That is the one key difference between Kerr’s and Hoiberg’s situations — Kerr took over a young team with guys like Klay Thomson, Stephen Curry, Draymond Green, Harrison Barnes and others. Those players are early in their career, relatively healthy, and still taking big steps forward in levels of play each year. Kerr had a team primed to improve, to grow, if the right coach came along.

Hoiberg takes over a Bulls squad that has been a borderline contender for five years now. Even rested, how much more are Rose, Noah, Gasol or Gibson are going to improve? We know who and what they are.

That said, Hoiberg should be able to put guys in better positions to succeed. The Bulls are going to play faster — Hoiberg’s Iowa State teams loved to push the tempo then run drag or double drag screens early in the clock — and that can get guys in better matchup before the defense sets. Gasol and Noah can set a double-drag for Rose, with Noah rolling to the rim and Gasol popping out for a jumper, and you can imagine how that is hard to defend if Rose is his old self. His half court sets have a lot of weakside movement, which is a needed change. Younger players such as Tony Snell, Butler, promising rookie Bobby Portis, and even Nikola Mirotic could thrive off the bench in this system.

The one interesting fit will be Gasol. As we saw at EuroBasket this summer, he operates best in the post or the elbow, where thanks to his fundamentals he can score or beat teams who collapse on him with great passing. But Hoiberg’s system doesn’t run a lot of post ups. If Gasol is relegated more to the perimeter, does this become a situation more like Mike D’Antoni’s Lakers where they struggled to find a fit for Gasol? Probably not, Hoiberg will be flexible, and expect them to try at times to get Gasol the ball deep in the post early in the clock when he beats his defender down court. Still, Gasol’s fit is something to watch.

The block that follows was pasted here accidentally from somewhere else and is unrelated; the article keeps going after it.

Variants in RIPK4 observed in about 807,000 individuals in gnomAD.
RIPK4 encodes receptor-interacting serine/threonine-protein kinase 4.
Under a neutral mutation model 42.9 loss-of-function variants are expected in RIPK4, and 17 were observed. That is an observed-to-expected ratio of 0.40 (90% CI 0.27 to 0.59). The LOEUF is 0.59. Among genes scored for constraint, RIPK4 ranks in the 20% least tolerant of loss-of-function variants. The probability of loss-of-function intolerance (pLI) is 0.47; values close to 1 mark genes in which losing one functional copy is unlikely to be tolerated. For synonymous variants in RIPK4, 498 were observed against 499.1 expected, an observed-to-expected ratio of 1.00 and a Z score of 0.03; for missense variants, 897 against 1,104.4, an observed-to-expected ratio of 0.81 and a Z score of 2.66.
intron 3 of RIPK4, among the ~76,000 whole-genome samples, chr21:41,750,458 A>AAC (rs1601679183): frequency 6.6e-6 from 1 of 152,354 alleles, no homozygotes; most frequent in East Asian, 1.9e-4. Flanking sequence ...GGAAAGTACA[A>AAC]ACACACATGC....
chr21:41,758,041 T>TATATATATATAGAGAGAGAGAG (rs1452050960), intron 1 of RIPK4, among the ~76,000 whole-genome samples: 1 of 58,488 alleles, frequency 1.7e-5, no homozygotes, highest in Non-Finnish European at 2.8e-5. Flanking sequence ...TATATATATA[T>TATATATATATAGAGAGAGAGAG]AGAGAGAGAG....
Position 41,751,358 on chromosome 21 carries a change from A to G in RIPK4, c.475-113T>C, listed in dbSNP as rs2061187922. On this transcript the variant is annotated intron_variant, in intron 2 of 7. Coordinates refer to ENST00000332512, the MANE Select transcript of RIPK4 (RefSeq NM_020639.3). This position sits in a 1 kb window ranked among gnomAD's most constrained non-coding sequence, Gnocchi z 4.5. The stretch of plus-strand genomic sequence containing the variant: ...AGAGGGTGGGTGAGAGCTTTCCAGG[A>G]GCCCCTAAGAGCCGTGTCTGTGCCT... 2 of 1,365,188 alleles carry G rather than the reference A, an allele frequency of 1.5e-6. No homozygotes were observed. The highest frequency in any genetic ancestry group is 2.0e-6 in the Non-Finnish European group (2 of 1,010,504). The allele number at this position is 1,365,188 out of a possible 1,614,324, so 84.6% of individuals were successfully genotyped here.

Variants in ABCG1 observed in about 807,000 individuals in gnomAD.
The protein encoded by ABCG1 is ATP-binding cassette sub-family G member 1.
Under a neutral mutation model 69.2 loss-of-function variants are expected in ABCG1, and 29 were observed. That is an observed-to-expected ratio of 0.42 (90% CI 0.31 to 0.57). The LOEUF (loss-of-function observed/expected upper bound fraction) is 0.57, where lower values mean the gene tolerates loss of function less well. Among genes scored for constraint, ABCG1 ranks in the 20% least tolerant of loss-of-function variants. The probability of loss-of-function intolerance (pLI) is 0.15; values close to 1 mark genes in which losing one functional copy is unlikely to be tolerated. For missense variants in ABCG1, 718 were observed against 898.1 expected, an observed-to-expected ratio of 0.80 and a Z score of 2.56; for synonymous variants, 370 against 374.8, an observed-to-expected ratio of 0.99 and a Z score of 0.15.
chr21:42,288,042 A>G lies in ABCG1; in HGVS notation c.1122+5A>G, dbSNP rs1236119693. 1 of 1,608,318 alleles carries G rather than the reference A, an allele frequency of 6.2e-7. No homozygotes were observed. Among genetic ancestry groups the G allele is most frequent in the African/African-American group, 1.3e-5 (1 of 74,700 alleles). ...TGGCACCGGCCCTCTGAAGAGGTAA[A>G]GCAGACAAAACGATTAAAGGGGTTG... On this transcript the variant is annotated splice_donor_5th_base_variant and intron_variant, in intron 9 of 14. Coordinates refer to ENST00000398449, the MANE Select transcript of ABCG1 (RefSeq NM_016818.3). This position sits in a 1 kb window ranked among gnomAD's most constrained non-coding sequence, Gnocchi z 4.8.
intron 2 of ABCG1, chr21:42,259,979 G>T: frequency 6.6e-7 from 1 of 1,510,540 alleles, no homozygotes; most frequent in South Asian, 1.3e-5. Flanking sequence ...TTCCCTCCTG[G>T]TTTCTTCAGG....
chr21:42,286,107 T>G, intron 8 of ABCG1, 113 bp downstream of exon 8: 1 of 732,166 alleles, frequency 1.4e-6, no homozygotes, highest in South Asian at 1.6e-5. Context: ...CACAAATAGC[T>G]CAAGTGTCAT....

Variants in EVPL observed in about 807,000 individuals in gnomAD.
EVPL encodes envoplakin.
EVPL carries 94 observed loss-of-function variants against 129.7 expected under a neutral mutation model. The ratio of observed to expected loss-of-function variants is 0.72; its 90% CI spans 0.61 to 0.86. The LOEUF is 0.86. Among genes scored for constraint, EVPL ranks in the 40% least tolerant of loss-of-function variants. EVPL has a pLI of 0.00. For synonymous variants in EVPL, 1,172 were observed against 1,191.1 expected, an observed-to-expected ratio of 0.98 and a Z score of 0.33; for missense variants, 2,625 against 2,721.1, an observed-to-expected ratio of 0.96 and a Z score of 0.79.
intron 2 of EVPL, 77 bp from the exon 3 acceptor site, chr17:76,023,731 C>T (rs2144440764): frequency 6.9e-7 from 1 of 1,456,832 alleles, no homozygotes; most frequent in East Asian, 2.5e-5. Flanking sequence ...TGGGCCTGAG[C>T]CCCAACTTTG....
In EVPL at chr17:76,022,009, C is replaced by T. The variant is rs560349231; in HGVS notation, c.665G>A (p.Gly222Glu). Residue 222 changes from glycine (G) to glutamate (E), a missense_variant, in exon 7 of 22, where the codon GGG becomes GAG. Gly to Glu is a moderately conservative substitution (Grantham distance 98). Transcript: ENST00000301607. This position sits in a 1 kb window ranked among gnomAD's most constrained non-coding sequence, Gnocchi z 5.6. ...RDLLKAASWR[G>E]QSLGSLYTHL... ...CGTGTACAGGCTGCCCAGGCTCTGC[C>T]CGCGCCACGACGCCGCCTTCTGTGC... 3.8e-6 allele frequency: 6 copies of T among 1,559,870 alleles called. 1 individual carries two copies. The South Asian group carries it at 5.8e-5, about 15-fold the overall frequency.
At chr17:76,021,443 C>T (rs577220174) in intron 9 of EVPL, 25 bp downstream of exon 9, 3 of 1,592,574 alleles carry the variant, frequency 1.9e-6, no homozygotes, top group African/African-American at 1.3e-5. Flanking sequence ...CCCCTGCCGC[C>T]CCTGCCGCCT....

One thing to expect — Hoiberg to shake up the Noah-Gasol combo, pairing one with Mirotic and one with Gibson in the rotation (then trying to find a spot for Portis). That alone has the potential make the Bulls front court more dynamic. The Gasol/Noah pairing is a little too slow for what Hoiberg wants to run.

As for defense, I don’t expect a big drop off — as much as scheme, Thibodeau’s defense was built around out-working the other team, and that kind of mentality doesn’t instantly fade away. Hoiberg may tweak the system, but the Bulls defense should still be top 10.

Hoiberg is going to bring needed changes to Chicago — ones Thibodeau was too stubborn to implement (in part because of his feud with the front office).

Will it make the Bulls better? Maybe, Thibs is a good coach and Hoiberg is unproven; we’ll have to wait and see.

Will it have them fresher come the playoffs? Almost certainly.

In that sense, Hoiberg is the answer the Bulls have been looking for.

But that answer doesn’t automatically lead to contention for a title. This is still an aging Bulls roster with some Thibodeau-level miles on the key players, and no matter what Hoiberg does it’s hard to imagine him lifting this team up past a healthy Cavaliers team.

It’s going to be interesting to watch them try, however.